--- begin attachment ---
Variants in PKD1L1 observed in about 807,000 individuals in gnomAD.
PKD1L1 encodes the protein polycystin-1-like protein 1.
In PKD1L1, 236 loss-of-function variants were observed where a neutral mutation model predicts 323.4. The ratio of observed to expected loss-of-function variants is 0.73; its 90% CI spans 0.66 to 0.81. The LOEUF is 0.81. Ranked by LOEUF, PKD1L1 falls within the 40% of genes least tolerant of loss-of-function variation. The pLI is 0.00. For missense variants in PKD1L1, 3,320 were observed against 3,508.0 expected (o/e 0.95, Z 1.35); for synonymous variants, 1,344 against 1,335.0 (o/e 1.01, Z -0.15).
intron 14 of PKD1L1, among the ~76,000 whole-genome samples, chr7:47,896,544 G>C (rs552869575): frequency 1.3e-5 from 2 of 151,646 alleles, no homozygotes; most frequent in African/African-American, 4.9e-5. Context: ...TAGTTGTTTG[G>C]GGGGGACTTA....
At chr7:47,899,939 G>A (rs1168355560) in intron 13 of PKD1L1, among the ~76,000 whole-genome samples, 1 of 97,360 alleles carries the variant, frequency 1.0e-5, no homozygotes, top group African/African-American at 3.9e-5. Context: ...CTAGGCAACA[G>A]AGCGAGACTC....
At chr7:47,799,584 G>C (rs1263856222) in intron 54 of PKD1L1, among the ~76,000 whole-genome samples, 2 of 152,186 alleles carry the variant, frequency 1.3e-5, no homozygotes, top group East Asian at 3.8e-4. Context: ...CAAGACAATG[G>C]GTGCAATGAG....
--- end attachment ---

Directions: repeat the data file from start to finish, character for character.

Variants in PKD1L1 observed in about 807,000 individuals in gnomAD.
PKD1L1 encodes the protein polycystin-1-like protein 1.
In PKD1L1, 236 loss-of-function variants were observed where a neutral mutation model predicts 323.4. The ratio of observed to expected loss-of-function variants is 0.73; its 90% CI spans 0.66 to 0.81. The LOEUF is 0.81. Ranked by LOEUF, PKD1L1 falls within the 40% of genes least tolerant of loss-of-function variation. The pLI is 0.00. For missense variants in PKD1L1, 3,320 were observed against 3,508.0 expected (o/e 0.95, Z 1.35); for synonymous variants, 1,344 against 1,335.0 (o/e 1.01, Z -0.15).
intron 14 of PKD1L1, among the ~76,000 whole-genome samples, chr7:47,896,544 G>C (rs552869575): frequency 1.3e-5 from 2 of 151,646 alleles, no homozygotes; most frequent in African/African-American, 4.9e-5. Context: ...TAGTTGTTTG[G>C]GGGGGACTTA....
At chr7:47,899,939 G>A (rs1168355560) in intron 13 of PKD1L1, among the ~76,000 whole-genome samples, 1 of 97,360 alleles carries the variant, frequency 1.0e-5, no homozygotes, top group African/African-American at 3.9e-5. Context: ...CTAGGCAACA[G>A]AGCGAGACTC....
At chr7:47,799,584 G>C (rs1263856222) in intron 54 of PKD1L1, among the ~76,000 whole-genome samples, 2 of 152,186 alleles carry the variant, frequency 1.3e-5, no homozygotes, top group East Asian at 3.8e-4. Context: ...CAAGACAATG[G>C]GTGCAATGAG....